Block on Trump's Asylum Ban Upheld by Supreme Court
With what we now know about how germs are spread, one might think that if someone gets them sick, they'll be able to sue the person who got them sick. While, generally, you can sue anyone for anything, particularly when you've been clearly wronged by another's negligence, doing so is not always a good idea.
Typically, cases involving the transmission of illnesses are plagued with some rather high hurdles. At the outset, not only will a victim be required to prove that the defendant actually got them sick, but also that it was intentional or negligent. And even though the first part might seem clear to you, if the illness can be spread in different ways, or is easily communicated in the air, or on surfaces, it's going to be really hard to prove. Though certain situations, like housing environments leading to illness, or STD transmissions, might be a bit more cut and dry.
STDs and Lawsuits
The most frequent types of illnesses that are the subject of lawsuits are sexually transmitted diseases, such as herpes or AIDS. While normally suing someone for getting you sick is ill-advised, if someone gave you a STD, speaking to an attorney about your options might be a good idea, as you'll likely require lifelong care, or rather expensive care.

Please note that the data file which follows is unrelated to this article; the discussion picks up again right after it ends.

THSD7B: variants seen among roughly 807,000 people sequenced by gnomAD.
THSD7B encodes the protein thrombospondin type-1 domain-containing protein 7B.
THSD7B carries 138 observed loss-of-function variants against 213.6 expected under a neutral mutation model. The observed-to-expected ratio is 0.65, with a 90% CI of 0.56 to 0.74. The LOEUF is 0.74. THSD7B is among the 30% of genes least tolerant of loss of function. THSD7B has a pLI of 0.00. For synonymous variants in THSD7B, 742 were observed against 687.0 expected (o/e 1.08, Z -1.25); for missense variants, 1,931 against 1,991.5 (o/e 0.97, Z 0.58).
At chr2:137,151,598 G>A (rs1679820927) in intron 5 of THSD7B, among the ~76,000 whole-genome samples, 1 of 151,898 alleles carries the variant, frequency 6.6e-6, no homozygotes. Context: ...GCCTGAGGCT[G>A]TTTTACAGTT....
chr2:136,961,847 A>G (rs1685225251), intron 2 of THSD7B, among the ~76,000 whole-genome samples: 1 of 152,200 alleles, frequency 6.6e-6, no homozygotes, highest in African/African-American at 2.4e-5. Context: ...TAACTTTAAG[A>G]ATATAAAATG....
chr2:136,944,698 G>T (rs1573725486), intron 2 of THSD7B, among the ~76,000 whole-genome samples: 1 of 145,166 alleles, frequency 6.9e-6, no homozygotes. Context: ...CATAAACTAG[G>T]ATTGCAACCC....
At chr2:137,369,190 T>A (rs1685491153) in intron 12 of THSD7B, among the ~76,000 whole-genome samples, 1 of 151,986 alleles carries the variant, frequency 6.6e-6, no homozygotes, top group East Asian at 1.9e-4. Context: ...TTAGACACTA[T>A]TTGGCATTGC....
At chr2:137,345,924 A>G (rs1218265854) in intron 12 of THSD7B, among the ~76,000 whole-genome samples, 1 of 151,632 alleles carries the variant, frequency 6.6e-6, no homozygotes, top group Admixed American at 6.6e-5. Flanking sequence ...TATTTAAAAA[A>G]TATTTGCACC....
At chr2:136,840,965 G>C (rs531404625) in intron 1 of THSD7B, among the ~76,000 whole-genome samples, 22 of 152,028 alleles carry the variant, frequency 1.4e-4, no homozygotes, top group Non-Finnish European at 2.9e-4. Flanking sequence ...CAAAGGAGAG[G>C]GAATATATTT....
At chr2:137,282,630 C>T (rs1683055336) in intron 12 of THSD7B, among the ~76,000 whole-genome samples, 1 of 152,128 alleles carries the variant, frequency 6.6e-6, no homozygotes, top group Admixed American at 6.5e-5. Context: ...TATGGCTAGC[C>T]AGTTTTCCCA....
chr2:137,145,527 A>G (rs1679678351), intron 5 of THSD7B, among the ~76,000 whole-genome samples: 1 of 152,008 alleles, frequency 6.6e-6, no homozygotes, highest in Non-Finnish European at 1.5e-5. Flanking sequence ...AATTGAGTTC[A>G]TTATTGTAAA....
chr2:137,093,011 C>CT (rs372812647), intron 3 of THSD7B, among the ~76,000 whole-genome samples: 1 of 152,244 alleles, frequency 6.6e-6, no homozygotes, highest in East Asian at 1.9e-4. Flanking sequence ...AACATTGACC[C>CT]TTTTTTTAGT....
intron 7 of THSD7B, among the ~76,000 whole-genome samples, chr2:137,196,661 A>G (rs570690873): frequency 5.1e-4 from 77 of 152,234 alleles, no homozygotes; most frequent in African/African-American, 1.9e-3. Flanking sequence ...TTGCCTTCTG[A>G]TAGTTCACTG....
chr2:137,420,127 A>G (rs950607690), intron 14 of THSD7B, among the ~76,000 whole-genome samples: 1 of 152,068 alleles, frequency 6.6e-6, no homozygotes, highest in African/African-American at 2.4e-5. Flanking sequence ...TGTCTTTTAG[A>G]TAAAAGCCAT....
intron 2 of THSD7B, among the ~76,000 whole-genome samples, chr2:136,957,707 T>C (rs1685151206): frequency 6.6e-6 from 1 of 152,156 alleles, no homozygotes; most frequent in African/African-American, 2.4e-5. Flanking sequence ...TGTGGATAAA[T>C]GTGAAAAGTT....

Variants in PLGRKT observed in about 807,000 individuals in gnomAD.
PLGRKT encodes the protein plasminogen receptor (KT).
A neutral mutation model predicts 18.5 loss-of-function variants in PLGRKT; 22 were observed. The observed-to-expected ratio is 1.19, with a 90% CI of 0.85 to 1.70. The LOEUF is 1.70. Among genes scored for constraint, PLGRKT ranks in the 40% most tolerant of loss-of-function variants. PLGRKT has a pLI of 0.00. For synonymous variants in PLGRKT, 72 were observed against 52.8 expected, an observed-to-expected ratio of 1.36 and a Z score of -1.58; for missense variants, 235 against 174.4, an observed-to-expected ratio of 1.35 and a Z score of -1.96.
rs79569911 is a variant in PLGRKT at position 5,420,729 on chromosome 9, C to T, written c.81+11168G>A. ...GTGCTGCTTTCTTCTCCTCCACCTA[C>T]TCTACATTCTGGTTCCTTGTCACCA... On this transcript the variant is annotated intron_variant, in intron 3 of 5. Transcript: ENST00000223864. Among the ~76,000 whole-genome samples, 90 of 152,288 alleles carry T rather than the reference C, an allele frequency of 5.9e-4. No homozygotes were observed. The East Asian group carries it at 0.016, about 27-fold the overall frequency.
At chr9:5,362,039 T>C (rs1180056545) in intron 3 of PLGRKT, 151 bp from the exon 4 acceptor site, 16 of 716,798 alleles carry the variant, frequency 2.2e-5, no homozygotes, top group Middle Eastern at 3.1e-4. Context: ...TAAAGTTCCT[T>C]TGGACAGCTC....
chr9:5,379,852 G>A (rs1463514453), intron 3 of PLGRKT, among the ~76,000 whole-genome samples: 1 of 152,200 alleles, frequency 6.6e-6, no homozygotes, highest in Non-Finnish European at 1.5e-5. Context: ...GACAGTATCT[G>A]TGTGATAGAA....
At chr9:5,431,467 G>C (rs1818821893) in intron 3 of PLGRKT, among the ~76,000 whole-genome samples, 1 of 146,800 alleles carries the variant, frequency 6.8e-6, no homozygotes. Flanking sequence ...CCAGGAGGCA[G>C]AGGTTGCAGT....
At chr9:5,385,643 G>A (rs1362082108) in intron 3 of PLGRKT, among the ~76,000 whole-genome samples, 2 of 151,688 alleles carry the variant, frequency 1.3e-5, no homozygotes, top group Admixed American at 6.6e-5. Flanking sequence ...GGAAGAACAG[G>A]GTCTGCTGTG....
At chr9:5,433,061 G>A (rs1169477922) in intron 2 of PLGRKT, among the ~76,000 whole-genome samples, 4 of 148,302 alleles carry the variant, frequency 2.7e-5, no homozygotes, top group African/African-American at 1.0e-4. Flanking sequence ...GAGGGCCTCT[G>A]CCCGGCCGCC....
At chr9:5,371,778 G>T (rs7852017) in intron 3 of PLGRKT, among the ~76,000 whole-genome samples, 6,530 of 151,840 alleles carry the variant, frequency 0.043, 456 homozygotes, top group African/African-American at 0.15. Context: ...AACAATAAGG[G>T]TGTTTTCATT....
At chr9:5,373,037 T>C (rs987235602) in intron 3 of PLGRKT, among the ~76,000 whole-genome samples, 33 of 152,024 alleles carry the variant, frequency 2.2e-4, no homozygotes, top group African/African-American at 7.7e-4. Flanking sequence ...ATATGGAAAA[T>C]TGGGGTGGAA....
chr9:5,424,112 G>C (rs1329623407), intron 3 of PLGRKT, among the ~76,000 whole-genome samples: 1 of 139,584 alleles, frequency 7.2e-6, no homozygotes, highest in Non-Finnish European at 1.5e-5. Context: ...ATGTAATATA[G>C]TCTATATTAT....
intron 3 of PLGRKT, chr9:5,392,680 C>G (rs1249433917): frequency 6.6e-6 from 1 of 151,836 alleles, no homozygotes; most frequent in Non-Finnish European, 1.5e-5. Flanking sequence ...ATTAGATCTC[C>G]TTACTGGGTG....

STD cases are more common due to the fact that these illnesses and diseases are spread through direct sexual contact, and as such, it's easier to prove the "causation" element of the injury claim. Additionally, there is a higher likelihood that a person who gives another a STD either knows about their own condition, or at least should have known about.
Suing Over the Common Cold or Flu
While you know that your co-worker who sits two cubes behind you is responsible for your strep throat and/or flu, suing him might not even be possible. If you contracted your illness at work, it's unlikely that workers' compensation will apply, but it could (so check your state's laws). Additionally, even though you may have suffered some serious economic losses due to an ER visit, loss of wages, or other financial losses, common illnesses, like the cold or flu, are nearly impossible to recover on, as it is nearly impossible to prove how you got it.
But, if you have video or other indisputable evidence that a sick co-worker intentionally got you sick, you may wish to consult both a personal injury and an employment attorney, as that is a rather complex legal problem that will require careful consideration before taking any action.